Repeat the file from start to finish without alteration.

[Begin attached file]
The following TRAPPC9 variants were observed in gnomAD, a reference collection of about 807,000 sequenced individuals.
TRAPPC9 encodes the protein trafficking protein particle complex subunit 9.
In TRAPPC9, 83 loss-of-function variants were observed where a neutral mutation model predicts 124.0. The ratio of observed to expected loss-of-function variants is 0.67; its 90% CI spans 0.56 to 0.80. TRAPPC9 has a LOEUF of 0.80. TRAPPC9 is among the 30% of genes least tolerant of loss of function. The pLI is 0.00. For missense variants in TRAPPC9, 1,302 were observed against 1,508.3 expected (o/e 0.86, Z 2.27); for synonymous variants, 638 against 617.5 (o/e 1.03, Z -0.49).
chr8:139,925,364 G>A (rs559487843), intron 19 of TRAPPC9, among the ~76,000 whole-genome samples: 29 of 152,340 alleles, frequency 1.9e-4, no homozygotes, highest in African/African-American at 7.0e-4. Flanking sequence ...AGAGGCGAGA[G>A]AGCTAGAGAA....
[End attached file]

The following TRAPPC9 variants were observed in gnomAD, a reference collection of about 807,000 sequenced individuals.
TRAPPC9 encodes the protein trafficking protein particle complex subunit 9.
In TRAPPC9, 83 loss-of-function variants were observed where a neutral mutation model predicts 124.0. The ratio of observed to expected loss-of-function variants is 0.67; its 90% CI spans 0.56 to 0.80. TRAPPC9 has a LOEUF of 0.80. TRAPPC9 is among the 30% of genes least tolerant of loss of function. The pLI is 0.00. For missense variants in TRAPPC9, 1,302 were observed against 1,508.3 expected (o/e 0.86, Z 2.27); for synonymous variants, 638 against 617.5 (o/e 1.03, Z -0.49).
chr8:139,925,364 G>A (rs559487843), intron 19 of TRAPPC9, among the ~76,000 whole-genome samples: 29 of 152,340 alleles, frequency 1.9e-4, no homozygotes, highest in African/African-American at 7.0e-4. Flanking sequence ...AGAGGCGAGA[G>A]AGCTAGAGAA....